Under the slogan of “People’s Democratic Revolution,” the CPM perpetuated and perpetuates the Stalinist two-stage theory that holds that the struggle for socialism is not on the agenda in India; rather the working class should join with the “progressive, anti-imperialist” section of the national bourgeoisie in completing the democratic anti-feudal, i.e., national bourgeois struggle. Only five decades on the CPM had moved much further right, having long ago integrated itself into the political establishment and for decades administered bourgeois rule and implemented “pro-investor” policies in key states like West Bengal.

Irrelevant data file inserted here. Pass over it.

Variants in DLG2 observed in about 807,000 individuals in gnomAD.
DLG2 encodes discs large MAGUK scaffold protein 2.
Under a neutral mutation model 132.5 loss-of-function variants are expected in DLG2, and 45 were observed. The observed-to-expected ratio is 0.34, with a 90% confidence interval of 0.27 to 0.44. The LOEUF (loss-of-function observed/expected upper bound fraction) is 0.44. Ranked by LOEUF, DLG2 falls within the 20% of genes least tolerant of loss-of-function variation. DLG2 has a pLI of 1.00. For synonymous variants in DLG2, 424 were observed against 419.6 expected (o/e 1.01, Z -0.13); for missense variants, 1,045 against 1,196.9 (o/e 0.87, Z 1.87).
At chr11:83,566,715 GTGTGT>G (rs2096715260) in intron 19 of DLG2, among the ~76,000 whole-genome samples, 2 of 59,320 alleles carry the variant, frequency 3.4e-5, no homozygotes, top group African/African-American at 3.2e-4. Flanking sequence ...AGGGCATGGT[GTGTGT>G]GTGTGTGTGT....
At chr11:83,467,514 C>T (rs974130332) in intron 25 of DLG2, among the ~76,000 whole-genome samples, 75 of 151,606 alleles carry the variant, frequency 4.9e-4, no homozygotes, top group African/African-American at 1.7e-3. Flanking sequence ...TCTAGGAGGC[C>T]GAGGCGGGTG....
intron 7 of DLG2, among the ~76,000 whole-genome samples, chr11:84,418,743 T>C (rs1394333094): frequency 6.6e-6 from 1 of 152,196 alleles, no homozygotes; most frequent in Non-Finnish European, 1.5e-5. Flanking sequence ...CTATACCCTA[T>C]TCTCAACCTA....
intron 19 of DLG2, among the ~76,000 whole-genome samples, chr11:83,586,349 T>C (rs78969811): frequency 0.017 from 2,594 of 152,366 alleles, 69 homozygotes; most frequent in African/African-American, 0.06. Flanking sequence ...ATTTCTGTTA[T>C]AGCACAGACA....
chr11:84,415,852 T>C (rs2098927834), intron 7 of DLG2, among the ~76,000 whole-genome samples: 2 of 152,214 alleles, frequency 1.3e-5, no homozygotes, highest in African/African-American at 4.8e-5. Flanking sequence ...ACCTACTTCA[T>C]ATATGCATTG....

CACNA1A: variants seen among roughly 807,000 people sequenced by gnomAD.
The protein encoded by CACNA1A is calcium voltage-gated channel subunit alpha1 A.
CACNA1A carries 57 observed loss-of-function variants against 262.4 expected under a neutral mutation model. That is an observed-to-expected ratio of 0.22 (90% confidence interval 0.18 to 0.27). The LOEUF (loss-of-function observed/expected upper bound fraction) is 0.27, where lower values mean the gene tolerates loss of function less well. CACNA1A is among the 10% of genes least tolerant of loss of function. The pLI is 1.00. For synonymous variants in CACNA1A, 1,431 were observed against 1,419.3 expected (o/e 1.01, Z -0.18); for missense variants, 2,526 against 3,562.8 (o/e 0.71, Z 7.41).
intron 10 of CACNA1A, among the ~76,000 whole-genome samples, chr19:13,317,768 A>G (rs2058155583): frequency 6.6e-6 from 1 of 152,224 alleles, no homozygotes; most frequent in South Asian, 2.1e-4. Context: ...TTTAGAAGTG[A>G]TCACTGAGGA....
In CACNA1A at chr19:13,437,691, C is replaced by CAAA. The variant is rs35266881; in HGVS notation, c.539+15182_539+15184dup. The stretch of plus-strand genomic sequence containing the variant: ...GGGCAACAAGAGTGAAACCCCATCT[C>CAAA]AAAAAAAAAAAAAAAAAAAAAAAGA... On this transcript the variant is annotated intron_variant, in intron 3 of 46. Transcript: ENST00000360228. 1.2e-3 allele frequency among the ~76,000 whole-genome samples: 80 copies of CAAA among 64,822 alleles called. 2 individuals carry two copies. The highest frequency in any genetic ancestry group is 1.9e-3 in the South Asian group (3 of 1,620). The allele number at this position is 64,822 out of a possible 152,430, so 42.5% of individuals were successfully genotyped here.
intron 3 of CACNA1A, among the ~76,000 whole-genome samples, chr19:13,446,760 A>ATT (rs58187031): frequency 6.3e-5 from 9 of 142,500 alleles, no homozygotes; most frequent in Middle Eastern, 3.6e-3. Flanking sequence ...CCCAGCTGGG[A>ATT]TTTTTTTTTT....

The centerpiece of this week’s CPM congress will be the adoption of two lengthy resolutions, a “Political Resolution” and a “Resolution on Some Ideological Resolutions.” These resolutions are fraudulent, aimed as they are at providing justifications for the CPM’s role in politically suppressing the working class and implementing pro-big business policies, while promoting the hoax that the CPM is a Marxist party and an heir to the 1917 October Revolution.

Still there is some value in critiquing the contents of these documents for they illustrate the CPM’s conscious counter-revolutionary perspective and ever-rightward evolution. This critique will be presented in two further World Socialist Web Site articles to be posted in the coming days.